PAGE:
Amar Bose, the guru of sound design doesn’t have a computer

Bose makes expensive audio equipment including noise cancelling headphones for high end travellers and pilots.

Amar Bose passed away July 12, 2013. This article has been popular on this site, so I am adding a bit of interesting information here in 2015 before the original article below that I posted.
Dr. David Perlmutter, in his book “Brain Maker: The Power of Gut Microbes to Heal and Protect Your Brain for Life” published in April 2015 (which I highly recommend) notes that,

Just over a decade ago I developed a close friendship with Dr. Amar Bose. If that name isn’t familiar, you will no doubt recognize it when I explain that the sound system in your car was probably designed by his company. Dr. Bose built a career on exploring and transcending boundaries, not just in audio equipment but also in many areas of science and technology. I remember the day he proudly escorted me through his research laboratory, revealing projects that were building on incredibly futuristic product development ideas. We went from one laboratory to the next, and it was clear how proud he was of the work of his research scientists. But what was most memorable for me when I visited him that day was the 1911 quote by Belgian Nobel laureate Maurice Maeterlinck that was stencilled on the glass wall of Bose’s private office. It really summed up the motivational force that led to Bose’s great success: At every crossway on the road that leads to the future, each progressive spirit is opposed by a thousand men assigned to guard the past.

Mr. Bose doesn’t have a computer in his office:

Original concepts don’t come out of computers,” he said. “They come from the insight you have into the problem. Computers are necessary for analysis, to justify your findings.

Spotlight: Amar Bose, the guru of sound design
By Roxana Popescu
Friday, May 11, 2007

FRAMINGHAM, Massachusetts: Sitting in his office atop a hill in the high-tech belt west of Boston, Amar Bose glanced at the large white board behind his desk. Three words – “perception, acoustics, physics” – and two interlocking sound waves drawn in red and black marker were the only things that made sense to an uninitiated visitor. The rest of the board was filled with equations and diagrams.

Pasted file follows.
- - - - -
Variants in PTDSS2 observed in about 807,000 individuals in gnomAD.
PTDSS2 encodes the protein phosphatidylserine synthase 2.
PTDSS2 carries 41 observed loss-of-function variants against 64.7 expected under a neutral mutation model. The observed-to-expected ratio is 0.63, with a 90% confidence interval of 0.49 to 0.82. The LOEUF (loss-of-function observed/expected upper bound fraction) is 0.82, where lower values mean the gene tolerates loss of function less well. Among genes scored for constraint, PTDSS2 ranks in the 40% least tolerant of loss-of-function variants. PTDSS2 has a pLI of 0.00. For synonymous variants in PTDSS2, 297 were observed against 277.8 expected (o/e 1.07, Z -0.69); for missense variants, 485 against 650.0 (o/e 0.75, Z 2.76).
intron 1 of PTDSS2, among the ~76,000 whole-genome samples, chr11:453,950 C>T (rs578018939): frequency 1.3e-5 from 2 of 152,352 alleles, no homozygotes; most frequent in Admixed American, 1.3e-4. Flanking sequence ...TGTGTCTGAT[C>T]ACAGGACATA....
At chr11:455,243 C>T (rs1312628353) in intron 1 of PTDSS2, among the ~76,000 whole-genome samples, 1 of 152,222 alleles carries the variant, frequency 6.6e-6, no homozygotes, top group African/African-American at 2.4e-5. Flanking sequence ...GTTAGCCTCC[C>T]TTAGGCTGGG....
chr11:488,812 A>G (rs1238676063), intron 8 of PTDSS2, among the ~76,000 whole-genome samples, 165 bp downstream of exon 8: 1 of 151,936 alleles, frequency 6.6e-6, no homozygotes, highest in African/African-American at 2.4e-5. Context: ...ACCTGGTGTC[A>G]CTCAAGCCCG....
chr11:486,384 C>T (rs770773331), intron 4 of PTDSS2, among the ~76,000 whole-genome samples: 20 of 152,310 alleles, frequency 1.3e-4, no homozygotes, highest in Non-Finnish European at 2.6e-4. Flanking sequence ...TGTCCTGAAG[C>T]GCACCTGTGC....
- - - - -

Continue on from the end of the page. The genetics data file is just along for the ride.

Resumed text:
“That’s been up there for years,” said Bose, 77, a former professor and the founder, chairman and technical director of the audio technology company that bears his name. “I found myself putting it up again, after I erased it.”
Call it a thread of continuity at a time when Bose and the company appear to be headed in a new direction: from engineering big-quality sound systems in small packages to creating the smoothest ride on four wheels.

It is an unexpected turn for a company known for cutting-edge acoustics, packaged for the consumer in such trendsetting products as the Bose Wave speakers, the Bose SoundDock portable speakers for the Apple iPod, and the Bose noise-canceling headphones. The success of such products helped propel Bose Corp., the privately held company Bose founded 43 years ago, to $2 billion in revenue last year.

The next big project, which has been 27 years in the making, is an energy-efficient automobile suspension system that uses electromagnetic motors to raise and lower the wheels to cope with ruts, rocks and potholes. The resulting ride feels like the car is gliding on glass.
Bose is aiming to find an automotive partner that will offer the system in a luxury-brand car within five years. Like all of his products, it will be expensive.
The suspension has its fans, though for the moment they are waiting to see the price. “It’s technically very, very interesting, and an intriguing approach,” said Jack Nerad, executive market analyst with Kelley Blue Book, which tracks prices for new and used automobiles.
When it comes to engineering, Bose said, this has always been his motto: “Do whatever it takes to make it better than it was before. If you do that, everything else” – money, for example – “will come along.”

Bose links his interest in auto suspensions and sound design by one tenuous but essential factor: “Just curiosity.” Born near Philadelphia to an Indian immigrant family, Bose was always exploring as a boy. “I stuck a screwdriver into a power outlet and rolled around on the floor,” he said with a laugh. A former violin player, he has musician’s fingers, illustrating many of his stories with nimble gestures.

Soon his projects grew ambitious. He made a television from oil burner parts even before there was anything interesting on the air. People came over to watch experimental broadcasts. “It was a curiosity in the neighborhood,” he said. By the time he was 13, his teachers accepted his occasional absences, knowing he was working to help support his family by fixing radios.